Magnetic Moments

Magnetic moments are often used in conjunction with electronic spectra to gain information about the oxidation state and stereochemistry of the central metal ion in coordination complexes.
(Determination of the magnetic moment using the Gouy method has been simplified by the use of an on-line template or spreadsheet.)

For first row transition metal ions in the free ion state, ie isolated ions in a vacuum, all 5 of the 3d orbitals are degenerate.
In octahedral complexes, a simple crystal field theory approach suggests that for these ions the d orbitals are no longer degenerate but are split such that 2 orbitals, the dx2-y2 and the dz2 are at higher energy than the dxy, dxz, dyz.

For ions with between 4 and 7 d electrons, this gives rise to 2 possible arrangements called either high spin-low spin or weak field-strong field respectively. See an interactive JAVA script for examples.

In tetrahedral complexes the orbitals are again split, such that 2 orbitals (the dx2-y2 and the dz2) are now at lower energy than the remaining 3.
Tetrahedral complexes are ALL high spin since the difference between the 2 subsets of orbitals is much smaller than is found in octahedral complexes (Δtet= 4/9 Δoct).
The formulae most frequently used to calculate magnetic moments of first row transition metal ion complexes are given below:
formulae for magnetic moments
The first formula is known as the spin only formula, the second takes into account possible contributions from orbital angular momentum and the third is used to make small adjustments when the ground term for the metal ion is either A or E.
S is the spin quantum number = 1/2 for each unpaired electron
L is the orbital angular momentum
α is a constant = 2 for E and 4 for A ground terms
λ is the spin orbit coupling constant
Δ is the crystal field splitting parameter found from the spectrum of the complex.

To illustrate:
predict the variation of the magnetic moments for the series of tetrahedral complexes Copyr2Cl2, Copyr2Br2 and Copyr2I2.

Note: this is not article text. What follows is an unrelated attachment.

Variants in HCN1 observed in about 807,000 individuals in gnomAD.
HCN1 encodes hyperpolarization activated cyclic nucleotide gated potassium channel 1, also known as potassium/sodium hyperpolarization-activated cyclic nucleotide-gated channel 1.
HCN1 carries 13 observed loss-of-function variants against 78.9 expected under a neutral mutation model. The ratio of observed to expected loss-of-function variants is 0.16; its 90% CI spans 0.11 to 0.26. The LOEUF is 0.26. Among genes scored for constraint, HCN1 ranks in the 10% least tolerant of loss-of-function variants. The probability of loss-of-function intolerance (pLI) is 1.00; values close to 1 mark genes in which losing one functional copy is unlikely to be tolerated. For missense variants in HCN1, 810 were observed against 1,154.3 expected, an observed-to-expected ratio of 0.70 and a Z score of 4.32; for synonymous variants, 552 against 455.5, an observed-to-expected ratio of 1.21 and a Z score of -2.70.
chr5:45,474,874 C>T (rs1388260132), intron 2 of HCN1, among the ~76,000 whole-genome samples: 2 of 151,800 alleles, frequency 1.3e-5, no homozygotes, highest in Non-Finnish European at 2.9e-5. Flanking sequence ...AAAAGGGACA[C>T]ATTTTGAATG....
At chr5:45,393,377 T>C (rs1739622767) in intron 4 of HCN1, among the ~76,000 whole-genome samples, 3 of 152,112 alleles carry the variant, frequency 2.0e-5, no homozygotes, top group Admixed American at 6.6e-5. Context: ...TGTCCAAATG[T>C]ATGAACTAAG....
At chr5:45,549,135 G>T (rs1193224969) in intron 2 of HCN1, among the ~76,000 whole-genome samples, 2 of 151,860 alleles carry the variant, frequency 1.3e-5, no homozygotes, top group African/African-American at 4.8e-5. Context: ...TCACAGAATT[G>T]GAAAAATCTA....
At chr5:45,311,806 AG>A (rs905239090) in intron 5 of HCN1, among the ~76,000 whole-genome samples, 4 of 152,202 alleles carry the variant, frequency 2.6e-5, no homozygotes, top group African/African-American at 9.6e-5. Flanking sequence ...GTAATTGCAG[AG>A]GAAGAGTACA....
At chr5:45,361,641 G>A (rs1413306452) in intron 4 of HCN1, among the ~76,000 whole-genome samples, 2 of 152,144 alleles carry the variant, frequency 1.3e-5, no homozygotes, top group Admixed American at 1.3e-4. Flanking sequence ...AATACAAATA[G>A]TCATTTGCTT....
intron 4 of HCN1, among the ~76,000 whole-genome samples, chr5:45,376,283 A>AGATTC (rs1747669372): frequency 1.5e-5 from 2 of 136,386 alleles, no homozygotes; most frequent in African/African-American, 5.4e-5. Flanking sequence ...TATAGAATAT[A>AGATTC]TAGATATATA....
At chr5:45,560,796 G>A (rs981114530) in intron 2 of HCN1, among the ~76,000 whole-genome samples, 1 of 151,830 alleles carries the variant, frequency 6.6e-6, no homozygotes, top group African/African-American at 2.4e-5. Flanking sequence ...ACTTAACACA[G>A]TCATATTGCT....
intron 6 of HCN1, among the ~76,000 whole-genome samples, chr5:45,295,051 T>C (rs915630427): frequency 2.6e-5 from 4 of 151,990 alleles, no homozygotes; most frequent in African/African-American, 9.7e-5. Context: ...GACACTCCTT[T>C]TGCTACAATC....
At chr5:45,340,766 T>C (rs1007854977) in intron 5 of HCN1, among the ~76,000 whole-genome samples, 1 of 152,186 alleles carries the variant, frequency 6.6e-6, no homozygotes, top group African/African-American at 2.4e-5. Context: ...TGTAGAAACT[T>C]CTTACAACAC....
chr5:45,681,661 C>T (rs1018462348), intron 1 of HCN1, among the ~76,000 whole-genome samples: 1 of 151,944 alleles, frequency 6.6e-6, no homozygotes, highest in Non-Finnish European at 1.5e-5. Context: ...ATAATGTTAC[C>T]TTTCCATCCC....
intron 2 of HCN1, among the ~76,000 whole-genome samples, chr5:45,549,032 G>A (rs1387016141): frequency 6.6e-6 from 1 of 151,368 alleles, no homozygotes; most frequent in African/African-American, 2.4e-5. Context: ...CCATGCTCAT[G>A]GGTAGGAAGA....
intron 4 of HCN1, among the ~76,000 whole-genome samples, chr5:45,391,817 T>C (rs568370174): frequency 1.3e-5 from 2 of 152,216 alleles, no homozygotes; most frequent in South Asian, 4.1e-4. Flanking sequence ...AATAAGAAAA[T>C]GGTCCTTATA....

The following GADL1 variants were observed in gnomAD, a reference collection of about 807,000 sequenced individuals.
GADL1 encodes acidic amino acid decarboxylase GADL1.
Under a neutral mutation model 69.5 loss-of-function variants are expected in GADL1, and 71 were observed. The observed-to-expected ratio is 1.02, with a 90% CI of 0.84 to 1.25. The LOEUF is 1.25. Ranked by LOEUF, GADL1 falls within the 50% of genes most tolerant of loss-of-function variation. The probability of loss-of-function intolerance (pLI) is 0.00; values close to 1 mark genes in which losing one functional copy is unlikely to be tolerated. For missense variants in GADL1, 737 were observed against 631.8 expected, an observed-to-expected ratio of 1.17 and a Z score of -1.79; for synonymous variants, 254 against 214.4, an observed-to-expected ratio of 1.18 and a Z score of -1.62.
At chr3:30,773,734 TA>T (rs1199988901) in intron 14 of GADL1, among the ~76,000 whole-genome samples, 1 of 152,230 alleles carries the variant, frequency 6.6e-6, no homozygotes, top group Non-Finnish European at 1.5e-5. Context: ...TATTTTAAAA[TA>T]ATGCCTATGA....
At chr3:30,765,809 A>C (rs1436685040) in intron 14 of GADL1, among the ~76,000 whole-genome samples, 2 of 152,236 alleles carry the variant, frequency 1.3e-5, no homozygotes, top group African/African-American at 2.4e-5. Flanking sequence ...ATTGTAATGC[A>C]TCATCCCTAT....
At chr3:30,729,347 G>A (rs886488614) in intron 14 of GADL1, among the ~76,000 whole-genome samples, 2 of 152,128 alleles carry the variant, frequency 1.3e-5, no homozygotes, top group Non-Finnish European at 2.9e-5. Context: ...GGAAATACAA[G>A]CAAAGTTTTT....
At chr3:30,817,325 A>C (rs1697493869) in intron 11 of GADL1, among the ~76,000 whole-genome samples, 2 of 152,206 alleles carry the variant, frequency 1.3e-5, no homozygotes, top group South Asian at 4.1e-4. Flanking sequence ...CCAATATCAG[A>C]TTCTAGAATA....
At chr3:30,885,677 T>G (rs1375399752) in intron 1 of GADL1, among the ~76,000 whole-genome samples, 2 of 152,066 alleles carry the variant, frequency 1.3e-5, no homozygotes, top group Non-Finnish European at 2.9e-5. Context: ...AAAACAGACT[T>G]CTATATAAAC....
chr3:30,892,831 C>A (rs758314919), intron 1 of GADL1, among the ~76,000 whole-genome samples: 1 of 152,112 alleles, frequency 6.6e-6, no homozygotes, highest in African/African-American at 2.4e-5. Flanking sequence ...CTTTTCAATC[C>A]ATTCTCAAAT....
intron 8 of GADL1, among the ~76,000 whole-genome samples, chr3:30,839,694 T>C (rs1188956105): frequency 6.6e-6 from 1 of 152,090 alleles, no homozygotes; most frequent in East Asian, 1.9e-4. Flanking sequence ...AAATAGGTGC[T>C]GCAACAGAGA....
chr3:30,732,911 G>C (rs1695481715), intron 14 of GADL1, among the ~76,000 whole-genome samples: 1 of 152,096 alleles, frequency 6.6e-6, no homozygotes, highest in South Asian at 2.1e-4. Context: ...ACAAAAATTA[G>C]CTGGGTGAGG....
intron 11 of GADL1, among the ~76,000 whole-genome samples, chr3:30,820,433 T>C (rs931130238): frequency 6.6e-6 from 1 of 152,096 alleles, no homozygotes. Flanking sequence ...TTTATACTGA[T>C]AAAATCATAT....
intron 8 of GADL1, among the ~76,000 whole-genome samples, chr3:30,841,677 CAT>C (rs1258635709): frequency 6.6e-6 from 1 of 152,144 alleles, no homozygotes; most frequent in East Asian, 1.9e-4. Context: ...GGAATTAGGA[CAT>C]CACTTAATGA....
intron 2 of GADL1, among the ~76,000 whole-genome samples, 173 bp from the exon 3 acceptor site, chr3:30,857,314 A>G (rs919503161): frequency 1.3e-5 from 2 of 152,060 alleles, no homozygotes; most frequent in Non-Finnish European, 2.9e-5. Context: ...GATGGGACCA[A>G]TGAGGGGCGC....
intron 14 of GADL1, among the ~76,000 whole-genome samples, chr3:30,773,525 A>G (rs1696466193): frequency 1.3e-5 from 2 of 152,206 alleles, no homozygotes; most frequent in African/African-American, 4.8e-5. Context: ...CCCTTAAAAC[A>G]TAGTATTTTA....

Their visible spectra have been recorded in chloroform
vis spectra of CoPyr2X2 complexes
and from the centre of their main absorption bands in the visible region, ν (in wavenumbers cm-1) can be seen to be roughly:
1 Copyr2Cl2 16260 cm-1 (615 nm)
2 Copyr2Br2 15870 cm-1 (630 nm)
3 Copyr2I2 14925 cm-1 (670 nm)
These peaks represent the third electronic transition expected for these complexes, the other bands occurring in the infrared region, so although we may be able to place the halides into order of the spectrochemical series, we need to consult an Orgel diagram before trying to calculate Δ.
The Orgel diagram appropriate for these types of complexes is given below:
Orgel diagram for F state
oct d3,d8 tet d2,d7    ←-----------------------------------→    oct d2,d7 tet d3,d8
and for d7 tetrahedral the ground term is 4A2.

Three peaks are predicted in their electronic spectra, namely:

4T2    ← 4A2     ν1
4T1(F) ← 4A2     ν2
4T1(P) ← 4A2     ν3 ** the band observed in the visible region

The energy of the third transitions is approximately ν3 = 6/5 Δ + 15B (where B is the Racah parameter and ignoring configuration interactions). For Co(II) tetrahedral complexes B has generally been found to be about 750 cm-1.
Hence Δ for the three complexes above can be calculated to be roughly, Δ = (ν3 - 15x750) x 5/6, or:

Copyr2Cl2 (16260-15x750) x 5/6 = 4175 cm-1
Copyr2Br2 (15870-15x750) x 5/6 = 3850 cm-1
Copyr2I2 (14925-15x750) x 5/6 = 3063 cm-1

For three unpaired electrons the spin only magnetic moment is predicted to be 3.87 BM.
Using a value for the free ion spin orbit coupling constant (λ) of -172 cm-1 then a better approximation of the magnetic moment can be obtained by using the third formula above. This would give a value of:

Copyr2Cl2     3.87*(1+ 688/4175) = 4.49 B.M. found 4.42 BM
Copyr2Br2     3.87*(1+ 688/3850) = 4.57 B.M. found 4.50 BM
Copyr2I2       3.87*(1+ 688/3063) = 4.76 B.M. found 4.48 BM

In the case of the series;

CoI42-, CoBr42-, CoCl42-, Co(NCS)42-
the magnetic moments have been recorded as
4.77,      4.65,      4.59,      4.40 BM

showing even more clearly the inverse effect of the spectrochemical series on the magnetic moment.

return to the CHEM2101 (C21J) course outline

Copyright © 1995-2010 by Robert John Lancashire, all rights reserved.

Created and maintained by Prof. Robert J. Lancashire,
The Department of Chemistry, University of the West Indies,
Mona Campus, Kingston 7, Jamaica.
Created Dec 1995. Links checked and/or last modified 12th October 2010.